San Francisco (simul) 1916
Queen's Gambit [D07]
1.d4 d5 2.Nf3 Nc6 3.c4 e6 4.Nc3 Be7 5.Bf4 Nf6 6.e3 a6 7.Rc1 0-0 8.Bd3 dxc4 9.Bxc4 Na5 10.Bd3 c5 11.dxc5 Bxc5 12.0-0 Nc6 13.Ne4 Be7 14.Qc2 Nb4 15.Nxf6 gxf6 16.Bxh7 Kg7 17.Qb1 f5 18.Rfd1 Qe8 19.Bxf5 exf5 20.Nd4 Nd5 21.Nxf5+ Bxf5 22.Qxf5 Nxf4 23.Qxf4 Rh8 24.Rc7 Rd8 25.Rxd8 Qxd8 26.Qg4 Bg5 27.Rxb7 Rh4 28.Qf3 Be7 29.b3 Rh6 30.g3 Qd6 31.h4 Rf6 32.Qg4+ Rg6 33.Qf4 Qd1 34.Kg2 Bxh4 35.Qf3 Qxf3 36.Kxf3 Bf6 37.Rb6 Bc3 38.Rxg6 Kxg6 39.Kg4 Kf6 40.f4 Ke6 41.e4 f6 42.Kf3 a5 43.Ke3 Be1 44.g4 Kd6 45.g5 fxg5 46.fxg5 Ke5 47.g6 1/2-1/2

Jose Capablanca - G. Hallwegen
San Francisco (simul) 1916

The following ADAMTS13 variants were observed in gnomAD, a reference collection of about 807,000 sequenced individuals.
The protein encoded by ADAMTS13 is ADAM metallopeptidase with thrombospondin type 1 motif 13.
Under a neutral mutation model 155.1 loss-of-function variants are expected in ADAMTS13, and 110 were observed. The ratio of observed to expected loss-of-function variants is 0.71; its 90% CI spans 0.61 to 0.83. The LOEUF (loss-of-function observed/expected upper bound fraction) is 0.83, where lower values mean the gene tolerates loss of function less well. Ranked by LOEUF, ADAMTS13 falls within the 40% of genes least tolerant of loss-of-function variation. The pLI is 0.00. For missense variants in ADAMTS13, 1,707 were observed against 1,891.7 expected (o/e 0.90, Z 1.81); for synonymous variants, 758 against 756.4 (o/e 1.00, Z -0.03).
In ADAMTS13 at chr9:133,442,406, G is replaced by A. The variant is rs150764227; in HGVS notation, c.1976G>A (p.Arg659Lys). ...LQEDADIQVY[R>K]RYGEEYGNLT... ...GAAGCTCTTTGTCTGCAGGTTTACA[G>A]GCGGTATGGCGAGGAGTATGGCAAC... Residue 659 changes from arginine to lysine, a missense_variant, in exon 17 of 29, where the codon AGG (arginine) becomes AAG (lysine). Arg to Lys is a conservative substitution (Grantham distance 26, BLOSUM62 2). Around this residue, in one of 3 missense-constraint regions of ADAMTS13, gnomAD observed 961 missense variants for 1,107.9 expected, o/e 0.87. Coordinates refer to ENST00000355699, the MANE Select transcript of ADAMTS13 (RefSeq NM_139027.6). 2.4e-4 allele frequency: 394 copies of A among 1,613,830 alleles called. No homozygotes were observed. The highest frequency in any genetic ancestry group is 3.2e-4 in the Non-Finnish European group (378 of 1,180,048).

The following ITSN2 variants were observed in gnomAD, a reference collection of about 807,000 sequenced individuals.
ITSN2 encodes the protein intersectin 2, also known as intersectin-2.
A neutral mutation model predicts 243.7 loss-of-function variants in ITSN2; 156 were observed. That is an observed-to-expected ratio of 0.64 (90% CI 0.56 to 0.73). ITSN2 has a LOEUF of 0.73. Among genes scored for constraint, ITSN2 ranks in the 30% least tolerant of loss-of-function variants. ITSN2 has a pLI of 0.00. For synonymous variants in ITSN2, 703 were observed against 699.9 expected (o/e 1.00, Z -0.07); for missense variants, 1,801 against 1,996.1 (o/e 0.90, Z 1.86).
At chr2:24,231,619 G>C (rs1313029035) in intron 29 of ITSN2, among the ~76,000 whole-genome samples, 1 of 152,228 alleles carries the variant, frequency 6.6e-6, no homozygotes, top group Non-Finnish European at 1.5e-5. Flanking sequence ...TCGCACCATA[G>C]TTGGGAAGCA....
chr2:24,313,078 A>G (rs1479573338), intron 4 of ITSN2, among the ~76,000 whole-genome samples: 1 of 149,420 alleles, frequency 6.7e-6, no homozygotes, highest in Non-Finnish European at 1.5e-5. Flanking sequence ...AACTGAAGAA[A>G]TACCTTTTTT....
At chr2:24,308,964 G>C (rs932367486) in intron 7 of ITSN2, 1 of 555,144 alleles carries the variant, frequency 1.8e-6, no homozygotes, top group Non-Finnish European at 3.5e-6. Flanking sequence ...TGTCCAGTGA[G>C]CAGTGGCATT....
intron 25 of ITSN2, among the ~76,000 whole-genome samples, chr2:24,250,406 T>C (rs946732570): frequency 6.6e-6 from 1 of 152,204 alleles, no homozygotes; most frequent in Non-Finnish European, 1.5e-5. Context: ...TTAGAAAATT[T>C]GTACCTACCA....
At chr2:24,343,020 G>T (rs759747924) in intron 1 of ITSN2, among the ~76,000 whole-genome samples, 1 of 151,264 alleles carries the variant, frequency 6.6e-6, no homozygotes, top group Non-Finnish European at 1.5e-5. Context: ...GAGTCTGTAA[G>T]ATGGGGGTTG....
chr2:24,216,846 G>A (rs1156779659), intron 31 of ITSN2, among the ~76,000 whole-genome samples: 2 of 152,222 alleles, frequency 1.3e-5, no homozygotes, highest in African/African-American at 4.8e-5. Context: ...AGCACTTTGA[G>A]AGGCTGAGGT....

Irregular [C00]
1.e4 e6 2.d4 g6 3.Nf3 Bg7 4.Bd3 Ne7 5.Bg5 d6 6.Qd2 Nd7 7.0-0 0-0 8.Bh6 Nf6 9.Bxg7 Kxg7 10.Nc3 Nc6 11.e5 Nd7 12.Qf4 d5 13.Ne2 Ne7 14.Ng3 c6 15.Qg5 Ng8 16.Qg4 Qe7 17.Ng5 Re8 18.f4 Nf8 19.f5 exf5 20.Bxf5 Nh6 21.Qh4 Bxf5 22.Nxf5 Nxf5 23.Qf4 Ne6 24.Nxe6 Qxe6 25.Rf3 h5 26.Raf1 Qe7 27.h3 Rf8 28.g4 hxg4 29.hxg4 Nh6 30.Kg2 Qe6 31.Qf6 Kg8 32.Rg3 Nxg4 33.Qxe6 fxe6 34.Rxg4 Kg7 35.Rh1 Rh8 36.Rxh8 Rxh8 37.b4 Rf8 1/2-1/2

Emanuel Lasker

World Champion Emanuel Lasker visited the Mechanics' on two occasions. In 1902 he gave a small simul and lost a well-known game for stakes against the strong San Francisco amateur Dr. Walter Romaine Lovegrove.

Walter R. Lovegrove - Emanuel Lasker San Francisco (Stakes Games) 1902
Ruy Lopez Open Variation [C82]
( Notes by IM Imre Konig )